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Split Ends of Resistance: Why Regional Parties Sans Common Strategy Could Help BJP in 2021 Assam Polls

Representative image

Representative image

The need for a regional alternative to the BJP and the Congress was strongly felt in the wake of the massive agitation against the controversial Citizenship Amendment Act (CAA) in the state last December. Since then, the civil society had been pushing for a political outfit comprising the anti-CAA organisations, including the AASU, the AJYCP, the KMSS among others. However, instead of joining forces, these groups are seen criticising each other in public, much to the delight of the BJP.

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Jayanta Kalita

It’s ‘party time’ in Assam! The northeastern state that goes to polls in April-May 2021 is witnessing mushrooming of regional political parties — a trend, many fear, could end up helping the ruling Bharatiya Janata Party (BJP) if they fail to forge any alliance soon.

Days after the influential All Assam Students’ Union (AASU) and the Asom Jatiyatabadi Yuba Chatra Parishad (AJYCP) launched a political outfit, jailed activist Akhil Gogoi’s Krishak Mukti Sangram Samiti (KMSS) has also announced its decision to float a party. The latter is upset at not being included in the AASU-led party – the Assam Jatiya Parishad (AJP).

Earlier, in July, former BJP leader Pradyut Bora launched the Liberal Democratic Party (LDP) with the aim of fighting the “Congress’s corruption and BJP’s deception”. Around the same time, journalist-turned-Rajya Sabha member Ajit Bhuyan took the lead in forming a political forum of indigenous organisations to take on the BJP in the upcoming polls.

The need for a regional alternative to the BJP and the Congress was strongly felt in the wake of the massive agitation against the controversial Citizenship Amendment Act (CAA) in the state last December. Since then, the civil society had been pushing for a political outfit comprising the anti-CAA organisations, including the AASU, the AJYCP, the KMSS among others.

However, instead of joining forces, these groups are seen criticising each other in public, much to the delight of the BJP. In one episode, the LDP had even threatened the AJP with a Rs 10-crore defamation suit over a membership row.

AGP – AASU’s Achilles heel

This is not the first time that AASU is taking the plunge into politics. The student body had spearheaded the six-year Assam Agitation against the influx of illegal immigrants from Bangladesh, leading to the signing of the Assam Accord in 1985. The same year, AASU-backed regional party – the Asom Gana Parishad (AGP) – was born which formed what was seen as India’s youngest cabinet, destroying the Congress’s hegemony in the state.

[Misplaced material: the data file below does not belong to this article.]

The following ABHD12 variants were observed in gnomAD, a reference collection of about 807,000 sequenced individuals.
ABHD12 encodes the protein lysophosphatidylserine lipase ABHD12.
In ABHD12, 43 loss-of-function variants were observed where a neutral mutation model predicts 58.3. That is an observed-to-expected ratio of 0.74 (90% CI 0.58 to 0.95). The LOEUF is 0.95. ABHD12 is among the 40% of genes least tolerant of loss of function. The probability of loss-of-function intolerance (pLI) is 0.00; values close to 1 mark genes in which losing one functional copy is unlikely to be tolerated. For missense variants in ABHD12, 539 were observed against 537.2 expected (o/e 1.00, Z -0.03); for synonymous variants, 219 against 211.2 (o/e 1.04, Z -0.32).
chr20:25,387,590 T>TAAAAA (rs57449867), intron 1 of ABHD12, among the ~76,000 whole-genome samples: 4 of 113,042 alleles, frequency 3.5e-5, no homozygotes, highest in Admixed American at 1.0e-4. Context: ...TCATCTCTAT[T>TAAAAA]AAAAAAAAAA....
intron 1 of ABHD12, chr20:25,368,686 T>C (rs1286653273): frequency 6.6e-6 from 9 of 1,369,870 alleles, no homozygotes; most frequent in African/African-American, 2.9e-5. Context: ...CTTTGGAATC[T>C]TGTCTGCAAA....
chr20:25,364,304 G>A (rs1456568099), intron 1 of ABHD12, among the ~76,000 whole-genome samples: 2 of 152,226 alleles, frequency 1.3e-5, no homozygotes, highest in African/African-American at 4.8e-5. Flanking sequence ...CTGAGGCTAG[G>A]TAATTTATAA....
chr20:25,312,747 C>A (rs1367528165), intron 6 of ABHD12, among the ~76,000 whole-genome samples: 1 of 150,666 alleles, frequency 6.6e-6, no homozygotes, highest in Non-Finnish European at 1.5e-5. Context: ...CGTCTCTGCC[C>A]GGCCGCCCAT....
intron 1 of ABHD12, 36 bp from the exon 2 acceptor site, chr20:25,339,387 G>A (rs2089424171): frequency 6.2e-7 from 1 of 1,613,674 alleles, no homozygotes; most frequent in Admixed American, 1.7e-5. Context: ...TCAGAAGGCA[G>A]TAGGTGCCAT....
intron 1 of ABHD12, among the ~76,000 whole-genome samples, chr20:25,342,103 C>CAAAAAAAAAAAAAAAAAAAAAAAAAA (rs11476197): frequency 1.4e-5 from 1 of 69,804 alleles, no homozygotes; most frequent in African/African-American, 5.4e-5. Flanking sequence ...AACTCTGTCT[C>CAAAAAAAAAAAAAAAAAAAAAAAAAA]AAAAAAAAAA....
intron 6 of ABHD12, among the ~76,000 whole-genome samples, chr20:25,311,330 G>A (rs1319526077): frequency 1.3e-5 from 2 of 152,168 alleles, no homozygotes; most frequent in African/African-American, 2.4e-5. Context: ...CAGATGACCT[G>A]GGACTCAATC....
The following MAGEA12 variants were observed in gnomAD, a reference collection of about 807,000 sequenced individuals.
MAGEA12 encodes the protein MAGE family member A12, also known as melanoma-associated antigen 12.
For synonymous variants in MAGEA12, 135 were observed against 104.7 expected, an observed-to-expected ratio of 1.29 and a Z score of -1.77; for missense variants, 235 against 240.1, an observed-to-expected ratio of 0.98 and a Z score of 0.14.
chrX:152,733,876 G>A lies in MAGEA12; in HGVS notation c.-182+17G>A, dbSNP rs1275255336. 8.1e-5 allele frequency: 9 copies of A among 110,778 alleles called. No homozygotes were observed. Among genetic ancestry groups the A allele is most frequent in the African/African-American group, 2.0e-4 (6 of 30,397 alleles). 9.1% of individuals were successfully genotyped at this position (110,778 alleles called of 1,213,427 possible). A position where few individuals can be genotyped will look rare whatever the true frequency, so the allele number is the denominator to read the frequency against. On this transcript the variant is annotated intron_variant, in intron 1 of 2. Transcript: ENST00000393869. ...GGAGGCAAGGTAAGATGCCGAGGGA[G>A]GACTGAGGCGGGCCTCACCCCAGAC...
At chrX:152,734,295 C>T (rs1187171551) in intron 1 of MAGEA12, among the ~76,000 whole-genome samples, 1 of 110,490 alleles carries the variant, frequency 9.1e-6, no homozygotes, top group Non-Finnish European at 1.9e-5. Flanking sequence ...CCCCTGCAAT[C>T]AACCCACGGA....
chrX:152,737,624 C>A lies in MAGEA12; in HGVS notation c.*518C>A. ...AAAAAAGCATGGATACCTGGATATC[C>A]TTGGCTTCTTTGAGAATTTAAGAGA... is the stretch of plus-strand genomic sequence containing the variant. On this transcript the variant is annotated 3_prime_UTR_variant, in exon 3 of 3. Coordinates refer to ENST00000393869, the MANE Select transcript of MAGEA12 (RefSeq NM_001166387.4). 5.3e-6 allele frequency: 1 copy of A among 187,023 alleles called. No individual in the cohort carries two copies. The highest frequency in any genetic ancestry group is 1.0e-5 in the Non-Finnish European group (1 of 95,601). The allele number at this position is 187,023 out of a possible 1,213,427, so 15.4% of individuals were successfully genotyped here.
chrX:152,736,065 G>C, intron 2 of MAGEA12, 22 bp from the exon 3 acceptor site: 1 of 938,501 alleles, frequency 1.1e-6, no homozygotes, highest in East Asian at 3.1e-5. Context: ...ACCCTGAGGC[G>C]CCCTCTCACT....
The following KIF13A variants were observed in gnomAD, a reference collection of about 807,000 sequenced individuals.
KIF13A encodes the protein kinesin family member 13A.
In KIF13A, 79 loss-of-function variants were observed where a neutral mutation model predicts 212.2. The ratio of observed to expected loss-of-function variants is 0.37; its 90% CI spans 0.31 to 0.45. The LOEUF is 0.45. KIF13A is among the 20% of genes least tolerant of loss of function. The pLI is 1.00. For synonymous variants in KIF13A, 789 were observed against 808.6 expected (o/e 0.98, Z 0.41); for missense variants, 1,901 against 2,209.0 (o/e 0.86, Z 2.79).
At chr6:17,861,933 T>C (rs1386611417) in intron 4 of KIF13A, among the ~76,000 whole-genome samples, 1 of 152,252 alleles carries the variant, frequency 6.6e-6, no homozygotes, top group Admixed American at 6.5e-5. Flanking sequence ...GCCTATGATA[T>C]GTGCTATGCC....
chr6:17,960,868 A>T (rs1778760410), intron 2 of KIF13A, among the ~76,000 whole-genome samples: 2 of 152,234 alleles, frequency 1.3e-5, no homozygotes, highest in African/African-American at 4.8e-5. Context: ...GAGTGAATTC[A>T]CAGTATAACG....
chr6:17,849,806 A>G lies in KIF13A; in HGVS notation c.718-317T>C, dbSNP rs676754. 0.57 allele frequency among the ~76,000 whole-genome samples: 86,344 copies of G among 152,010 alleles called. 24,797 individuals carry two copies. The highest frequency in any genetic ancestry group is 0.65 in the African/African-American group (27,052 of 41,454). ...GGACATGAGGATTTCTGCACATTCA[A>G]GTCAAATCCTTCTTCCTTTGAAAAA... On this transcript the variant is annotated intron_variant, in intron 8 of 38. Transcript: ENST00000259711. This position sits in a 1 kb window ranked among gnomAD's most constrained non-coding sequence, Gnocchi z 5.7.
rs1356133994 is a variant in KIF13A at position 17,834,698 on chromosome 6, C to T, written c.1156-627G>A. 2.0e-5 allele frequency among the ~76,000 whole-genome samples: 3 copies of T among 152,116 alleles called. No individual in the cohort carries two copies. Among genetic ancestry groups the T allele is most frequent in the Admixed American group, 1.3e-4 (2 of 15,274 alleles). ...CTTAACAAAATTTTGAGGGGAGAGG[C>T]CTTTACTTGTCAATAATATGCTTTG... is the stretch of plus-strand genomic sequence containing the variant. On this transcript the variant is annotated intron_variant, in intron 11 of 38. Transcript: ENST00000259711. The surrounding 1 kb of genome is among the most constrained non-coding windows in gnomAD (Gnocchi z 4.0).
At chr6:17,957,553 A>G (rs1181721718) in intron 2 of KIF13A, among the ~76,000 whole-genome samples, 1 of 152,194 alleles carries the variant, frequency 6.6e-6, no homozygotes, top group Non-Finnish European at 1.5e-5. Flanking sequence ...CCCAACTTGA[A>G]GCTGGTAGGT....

However, the AGP proved to be AASU’s Achilles heel in no time. The initial euphoria of regional politics started fading when the AGP government failed to fulfil key promises, including the implementation of the Assam Accord. The two stints of the AGP government – 1985-1991 and 1996-2001 – became synonymous with nepotism, corruption and misgovernance. Towards the end of its second term, the AGP was accused of unleashing a reign of terror in the state. It was during this period when the infamous “secret killings” or extrajudicial killings of innocent people – mainly friends and family members of the United Liberation Front of Asom (ULFA) cadres – were carried out, allegedly by the state government.

Since then, the AGP has been in a downward spiral that had helped BJP make inroads and expand its base not only in Assam but also the rest of the Northeast. The AGP was seen as the biggest betrayer when its lone Rajya Sabha member Birendra Prasad Baishya voted in favour of the citizenship bill (now CAA) last year. The legislation is viewed as violative of the Assam Accord following fears that it would encourage more migration, thereby posing a threat to the state’s ethnic demography.

AASU that once gave birth to the AGP is now busy making strategies to oust the party and its ally BJP.

Winning trust of tribals

The newly floated AJP would do well to create space for tribal leaders in its rank and file in order to avoid past mistakes. Needless to say, AASU’s overemphasis on the “Assamese identity” in the 1980s had created a sense of alienation among the tribals, especially the Bodos, the largest ethnolinguistic group in Assam. It was the failure of the AASU-AGP combine to understand the sentiments of the community that sowed the seeds of the Bodo movement and tribal insurgency, which eventually led to the creation of an autonomous region under the Sixth Schedule of the Constitution.

It will be quite challenging for the AJP to win trust of not only the Bodos, but also other prominent tribes such as Karbi, Dimasa, Rabha and Mising if it does not spell out a clear roadmap for overall development of these ethnic groups. There are already indications that the All Assam Tribal Sangha and the Co-ordination Committee of the Tribal Organisations of Assam (CCTOA) are preparing the ground for a political unity among the tribal bodies ahead of the 2021 polls.

Tribals are a decisive factor in 60 out of 126 assembly seats in the state. Considering that the BJP already has a strong base in tribal pockets, and the Sixth Schedule areas are out of the CAA’s purview, the AJP must devise a completely different game plan to win the support of these communities. Perhaps, it’s high time the AJP made amends for AASU’s past mistakes and started talking about the multi-ethnic dimension of the Assamese culture and indigeneity instead of harping on the narrow definition of the Assamese people.

(The author is a senior journalist and writer based in Delhi. Views expressed are personal.)


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